Windows Universal App C#

Community maintained

Sample Project

Download this sample project configured with your Auth0 API Keys.

System Requirements
  • Microsoft Visual Studio 2015
  • Windows 10 SDK (10.0.14393)
Show requirements

This tutorial explains how to integrate Auth0 login with a Windows UWP (Universal Windows Platform) C# application. The Nuget package Auth0.Windows.UWP helps you authenticate users with any Auth0 supported identity provider.

Install the Auth0.Windows.UWP NuGet Package

Use the NuGet Package Manager Console (Tools -> Nuget Package Manager -> Package Manager Console) to install the Auth0.Windows.UWP package, running the command:

Install-Package Auth0.Windows.UWP

Set Up the Auth0 Callback URL

Go to the Client Settings section in the Auth0 dashboard and make sure that Allowed Callback URLs contains the following value:



There are three options to do the integration:

  1. Using the Auth0 Login Widget with the Web Authentication Broker (this is the simplest with only a few lines of code required).
  2. Using the Auth0 Login Widget with the Web Authentication Broker, but specifying a specific Connection.
  3. A custom user interface to ask username and password.

Option 1: Auth0 Lock

To start, we recommend using the Login Widget. Here is a snippet of code to copy & paste on your project. Since we are using await (.NET 4.5 or greater), your method needs to be async:

using Auth0.LoginClient;

var auth0 = new Auth0Client(
var user = await auth0.LoginAsync();
    Use this object to do wonderful things, e.g.:
      - get user email => user.Profile["email"].ToString()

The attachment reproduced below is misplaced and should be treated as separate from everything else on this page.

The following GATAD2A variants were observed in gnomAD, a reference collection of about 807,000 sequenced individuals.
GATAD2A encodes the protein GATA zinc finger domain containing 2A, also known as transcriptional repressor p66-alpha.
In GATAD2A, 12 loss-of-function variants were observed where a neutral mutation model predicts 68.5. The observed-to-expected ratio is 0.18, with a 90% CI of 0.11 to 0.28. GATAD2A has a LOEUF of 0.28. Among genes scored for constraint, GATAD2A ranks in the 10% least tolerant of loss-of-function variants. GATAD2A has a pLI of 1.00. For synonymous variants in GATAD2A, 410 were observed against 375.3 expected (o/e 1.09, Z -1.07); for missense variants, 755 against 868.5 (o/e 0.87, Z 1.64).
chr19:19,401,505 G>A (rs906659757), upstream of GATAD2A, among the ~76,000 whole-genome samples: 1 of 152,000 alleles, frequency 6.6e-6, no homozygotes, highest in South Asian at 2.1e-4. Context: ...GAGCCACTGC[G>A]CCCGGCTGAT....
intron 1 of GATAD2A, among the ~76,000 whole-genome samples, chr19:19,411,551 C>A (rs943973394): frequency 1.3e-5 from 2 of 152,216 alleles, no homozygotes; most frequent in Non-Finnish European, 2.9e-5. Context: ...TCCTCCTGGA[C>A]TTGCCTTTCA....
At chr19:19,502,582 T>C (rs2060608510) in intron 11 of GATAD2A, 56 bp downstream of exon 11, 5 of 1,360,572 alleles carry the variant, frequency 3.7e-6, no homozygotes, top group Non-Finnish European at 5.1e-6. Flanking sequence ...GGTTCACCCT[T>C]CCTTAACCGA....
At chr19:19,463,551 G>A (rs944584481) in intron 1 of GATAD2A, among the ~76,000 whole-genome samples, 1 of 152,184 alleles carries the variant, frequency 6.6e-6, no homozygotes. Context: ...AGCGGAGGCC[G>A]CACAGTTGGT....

- get Windows Azure AD groups => user.Profile["groups"]
      - etc.

Option 2: Auth0 Lock with a Specific Connection

If you know which identity provider you want to use, you can add a connection parameter and the user will be sent straight to the specified connection:

var user = await auth0.LoginAsync("") // connection name here

connection names can be found on Auth0 dashboard. E.g.: facebook, linkedin,, saml-protocol-connection, etc.

Option 3: Custom User Interface

The third option is to create your own custom user interface to prompt the user for their username and password. You can then pass this, along with the connection name to the LoginAsync method:

var user = await auth0.LoginAsync(
  "my-db-connection",   // connection name here


Optionally you can specify the scope parameter. There are various possible values for scope:

  • scope: "openid" (default) - It will return, not only the access_token, but also an id_token which is a Json Web Token (JWT). The JWT will only contain the user id.
  • scope: "openid {attr1} {attr2} {attrN}" - If you want only specific user's attributes to be part of the id_token (For example: scope: "openid name email picture").

You can get more information about this in the Scopes documentation.

Capabilities (Optional)

In some cases, Auth0 may not be able to connect to an identity provider. Showing nothing more than a "Can't connect to the service" message. A reason for this may be that the identity provider endpoint resolves to an Intranet (that has an authenticated domain controller), home or work network. In this case it is required to enable the "Private Networks (Client & Server)" capability.

Use the Package Manifest (Solution Explorer > Package.appxmanifest) to enable the capability within the "Capabilities" tab.

Accessing User Information

The Auth0User has the following properties:

  • Profile: returns a Newtonsoft.Json.Linq.JObject object (from Json.NET component) containing all available user attributes (e.g.: user.Profile["email"].ToString()).
  • IdToken: is a Json Web Token (JWT) containing all of the user attributes and it is signed with your client secret. This is useful to call your APIs and flow the user identity.
  • Auth0AccessToken: the access_token that can be used to access Auth0's APIs. For example, you could use this token to Link Accounts.
Use Auth0 for FREECreate free Account